The 17th century-started with a fire in North Walsham whose consequences for a small town must have been as serious in its way as the more famous Great Fire of London was 66 years later. At that time North Walsham was largely built of timber, thatch and clay lump. The flint church was an exception. Fire could spread easily because the town was built of combustible materials and it was huddled tightly around the market, but the church was fortunately a little removed. Methods of heating were very primitive, either braziers which were easily tipped over or open hearths in the cottages. Only the rich had enclosed hearths with proper chimneys. The events of the fire are best seen in a contemporary description:
"The description of the Fire and the losses of the Towne, conteyned in my l:Bishoppes and the Justices, prest to the lordes of her ma'ty moste Ex. privvie counsell. 1600.
"There happened uppon the XXVth of June 1600 in a cheefe and verie populous market towne of this countie of Norff. called North Walsham a fyre that began as yt is said in the house of a poore and lewde p-son one Dowle of the same towne, who flyinge uppon yt ys apprehended and in the gaole and by all lyklie -hood was the author of yt.
"It beganne aboute 6 of the clocke in the forenoone and went on so fearcelse that in twoe hours the wholle bodie of the towne beeinge built cheefly rounde aboute the market place was on one flame and wch in twoe or three hours more burnt downe to the grounde. There-are destroyed and consumed at the leaste CXVIII(118) dwell-inge houses and above fyve tymes as manie barnes, stables, malthouses and other outehouses and buildings, LXX(70)shoppes and warehouses for merchants and tradesmen. The market Crosse beinge covered wth led and all the shambles and stawles belonginge to the market. Beside a greate quantitie of corne wares householde stuffe and other goodes wch by reason of the suddane violence of the fire could not bee saved. The wholle market Towne is utterlie ruined and consumed, except the Church wch not wthstandinge it is leaded and stoode farre distant from anie house was fyred in fyve places at one.instant. The wholle losse is esteemed at the leaste to amounte to Twentie thousand pounds".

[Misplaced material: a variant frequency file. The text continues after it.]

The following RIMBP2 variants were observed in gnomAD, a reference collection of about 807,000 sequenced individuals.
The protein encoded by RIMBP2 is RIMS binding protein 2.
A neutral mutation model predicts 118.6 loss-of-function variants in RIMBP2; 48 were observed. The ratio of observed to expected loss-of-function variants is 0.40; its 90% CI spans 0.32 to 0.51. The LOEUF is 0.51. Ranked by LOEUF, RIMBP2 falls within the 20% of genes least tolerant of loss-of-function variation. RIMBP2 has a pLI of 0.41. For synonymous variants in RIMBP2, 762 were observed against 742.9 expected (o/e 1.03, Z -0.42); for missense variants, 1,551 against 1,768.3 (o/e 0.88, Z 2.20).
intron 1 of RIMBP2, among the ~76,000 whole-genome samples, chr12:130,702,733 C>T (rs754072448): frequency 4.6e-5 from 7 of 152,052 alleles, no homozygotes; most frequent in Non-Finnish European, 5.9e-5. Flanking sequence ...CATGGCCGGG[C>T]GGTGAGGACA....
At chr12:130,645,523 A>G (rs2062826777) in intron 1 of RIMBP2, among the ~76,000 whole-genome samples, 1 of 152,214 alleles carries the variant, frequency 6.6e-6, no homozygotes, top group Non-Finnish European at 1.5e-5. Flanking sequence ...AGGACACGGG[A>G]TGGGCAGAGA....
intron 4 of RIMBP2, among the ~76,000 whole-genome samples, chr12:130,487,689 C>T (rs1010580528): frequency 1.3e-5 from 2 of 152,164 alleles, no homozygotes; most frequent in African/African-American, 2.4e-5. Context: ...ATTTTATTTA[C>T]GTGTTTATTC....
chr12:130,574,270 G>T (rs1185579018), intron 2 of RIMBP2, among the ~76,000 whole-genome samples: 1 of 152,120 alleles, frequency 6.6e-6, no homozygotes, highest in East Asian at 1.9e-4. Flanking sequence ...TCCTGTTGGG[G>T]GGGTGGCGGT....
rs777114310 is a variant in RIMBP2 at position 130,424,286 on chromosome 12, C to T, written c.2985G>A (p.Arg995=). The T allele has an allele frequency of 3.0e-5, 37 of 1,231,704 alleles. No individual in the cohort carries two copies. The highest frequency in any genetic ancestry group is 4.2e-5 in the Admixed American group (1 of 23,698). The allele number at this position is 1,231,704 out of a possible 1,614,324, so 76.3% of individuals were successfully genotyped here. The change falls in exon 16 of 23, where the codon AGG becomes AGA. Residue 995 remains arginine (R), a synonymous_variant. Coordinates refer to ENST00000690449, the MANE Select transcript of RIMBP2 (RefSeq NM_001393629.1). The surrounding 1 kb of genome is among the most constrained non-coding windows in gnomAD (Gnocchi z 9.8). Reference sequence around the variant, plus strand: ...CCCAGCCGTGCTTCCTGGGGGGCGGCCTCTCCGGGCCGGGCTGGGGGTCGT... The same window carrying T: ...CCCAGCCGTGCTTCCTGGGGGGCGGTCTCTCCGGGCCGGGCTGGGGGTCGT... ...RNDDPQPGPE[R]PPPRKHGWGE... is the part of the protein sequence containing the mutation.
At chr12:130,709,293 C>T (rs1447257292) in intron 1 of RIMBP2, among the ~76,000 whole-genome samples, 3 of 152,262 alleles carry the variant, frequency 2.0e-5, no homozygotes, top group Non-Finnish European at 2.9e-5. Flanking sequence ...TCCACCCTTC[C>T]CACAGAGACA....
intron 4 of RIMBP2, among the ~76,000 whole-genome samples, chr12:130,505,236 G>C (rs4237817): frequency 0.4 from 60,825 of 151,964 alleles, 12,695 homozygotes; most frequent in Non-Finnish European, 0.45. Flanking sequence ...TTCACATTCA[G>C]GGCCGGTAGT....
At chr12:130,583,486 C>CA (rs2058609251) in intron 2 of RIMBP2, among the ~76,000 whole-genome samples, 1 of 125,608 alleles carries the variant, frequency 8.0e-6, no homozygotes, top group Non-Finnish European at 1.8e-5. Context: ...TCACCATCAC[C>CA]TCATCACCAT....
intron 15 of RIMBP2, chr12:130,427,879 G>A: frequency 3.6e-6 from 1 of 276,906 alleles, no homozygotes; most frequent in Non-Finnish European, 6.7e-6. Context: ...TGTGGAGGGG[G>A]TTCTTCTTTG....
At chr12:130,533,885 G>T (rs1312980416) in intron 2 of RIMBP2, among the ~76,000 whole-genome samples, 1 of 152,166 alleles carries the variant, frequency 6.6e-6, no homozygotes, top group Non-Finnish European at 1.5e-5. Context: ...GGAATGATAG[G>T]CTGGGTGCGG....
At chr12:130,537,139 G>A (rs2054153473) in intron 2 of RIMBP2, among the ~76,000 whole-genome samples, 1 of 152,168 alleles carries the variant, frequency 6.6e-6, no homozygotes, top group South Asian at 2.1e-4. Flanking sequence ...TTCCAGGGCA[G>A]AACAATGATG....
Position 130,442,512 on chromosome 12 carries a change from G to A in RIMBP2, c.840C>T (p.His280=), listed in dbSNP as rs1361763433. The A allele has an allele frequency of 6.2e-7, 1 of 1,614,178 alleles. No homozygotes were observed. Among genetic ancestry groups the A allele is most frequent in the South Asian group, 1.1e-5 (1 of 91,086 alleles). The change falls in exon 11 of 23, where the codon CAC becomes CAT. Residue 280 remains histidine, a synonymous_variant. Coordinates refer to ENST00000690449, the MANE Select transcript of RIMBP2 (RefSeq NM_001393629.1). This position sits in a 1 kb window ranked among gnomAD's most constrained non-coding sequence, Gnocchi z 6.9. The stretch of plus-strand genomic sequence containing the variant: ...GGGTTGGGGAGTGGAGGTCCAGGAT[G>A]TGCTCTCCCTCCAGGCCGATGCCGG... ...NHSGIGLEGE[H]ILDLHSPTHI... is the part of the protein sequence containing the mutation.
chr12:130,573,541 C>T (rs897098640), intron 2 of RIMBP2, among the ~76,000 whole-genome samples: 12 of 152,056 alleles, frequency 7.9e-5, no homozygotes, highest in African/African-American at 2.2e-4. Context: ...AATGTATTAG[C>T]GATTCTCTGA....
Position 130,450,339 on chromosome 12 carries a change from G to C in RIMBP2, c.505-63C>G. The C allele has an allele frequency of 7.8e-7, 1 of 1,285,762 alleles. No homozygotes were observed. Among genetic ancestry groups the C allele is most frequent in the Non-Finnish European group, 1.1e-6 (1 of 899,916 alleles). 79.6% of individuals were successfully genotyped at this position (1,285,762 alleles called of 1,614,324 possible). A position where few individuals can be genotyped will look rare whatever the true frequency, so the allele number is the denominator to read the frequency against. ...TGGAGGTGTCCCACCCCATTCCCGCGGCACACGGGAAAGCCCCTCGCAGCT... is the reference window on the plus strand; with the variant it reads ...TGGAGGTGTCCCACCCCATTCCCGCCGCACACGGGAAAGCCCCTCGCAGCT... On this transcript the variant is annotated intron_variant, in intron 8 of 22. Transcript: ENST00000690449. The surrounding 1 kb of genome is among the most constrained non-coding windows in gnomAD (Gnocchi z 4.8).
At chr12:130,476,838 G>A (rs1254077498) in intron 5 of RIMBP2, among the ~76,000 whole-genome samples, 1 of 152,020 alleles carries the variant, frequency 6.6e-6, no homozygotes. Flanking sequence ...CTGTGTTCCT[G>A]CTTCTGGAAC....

Some four months later, Sir William Paston gave 20 shillings to the poor to help them in their distress, enough to feed about fifteen families for a week and a tiny fraction of the cost of the monument he was planning in the church.
The older Sir William Paston bought a plot of land in the ruined town on which to erect a school which bears the family name to this day. Meanwhile North Walsham appears to have recovered quickly from the worst effects of the fire, the trade in wool and cloth in the district continued to thrive and the building of houses was a much quicker and cheaper process than it is today, no wiring, plumbing or regulations.
Until the Civil War the town enjoyed continuing prosperity and the younger Sir William Paston adorne d Oxnead Hall, travelled to Italy and Egypt in 1638-9, feeling secure enough in his ownership and rich enough from his estate profits to do so, although he was away for many months.
The national struggle between Charles I and Parliament was starting to enter a serious shortly after his return home. He was a supporter of Charles I, a Royalist in a county that was largely for Parliament and the Puritans. When Parliament tried to involve the country gentry by having them officer the local militia against the King, Paston left Norfolk for a while in 1641, later returning in the hope that he could influence local events towards moderation.
Meanwhile, Charles I'-S wife, Henrietta Maria, was attempting to set up an invasion of Eastern England by foreign troops, in support of her husband. This was more than even a Royalist could stand, so Paston subscribed £200 towards the support of Norfolk defences. He was attempting to compromise again but by 1643 was openly Royalist and this time was first stripped of his militia command and then fled to Rotterdam to join other Royalist exiles.
Paston's lands and some of his silver plate were seized, though his wife remained in Norfolk. It seemed that he might be stripped of all they had without helping the Royal cause. Paston then returned to London, made his peace with Parliament by paying a large sum and by the end of 1644 was serving as a Parliamentary Commissioner. His eldest son, Robert Paston, later joined Charles II abroad and was ready to restore Paston fortunes when Royalty was restored in 1660, but William Pastcn stayed in Norfolk, deeply in debt. He sold Caister Castle and its estate, in family hands since the 15th century, to a Yarmouth merchant to whom he owed a great sum. A century later the family was extinct.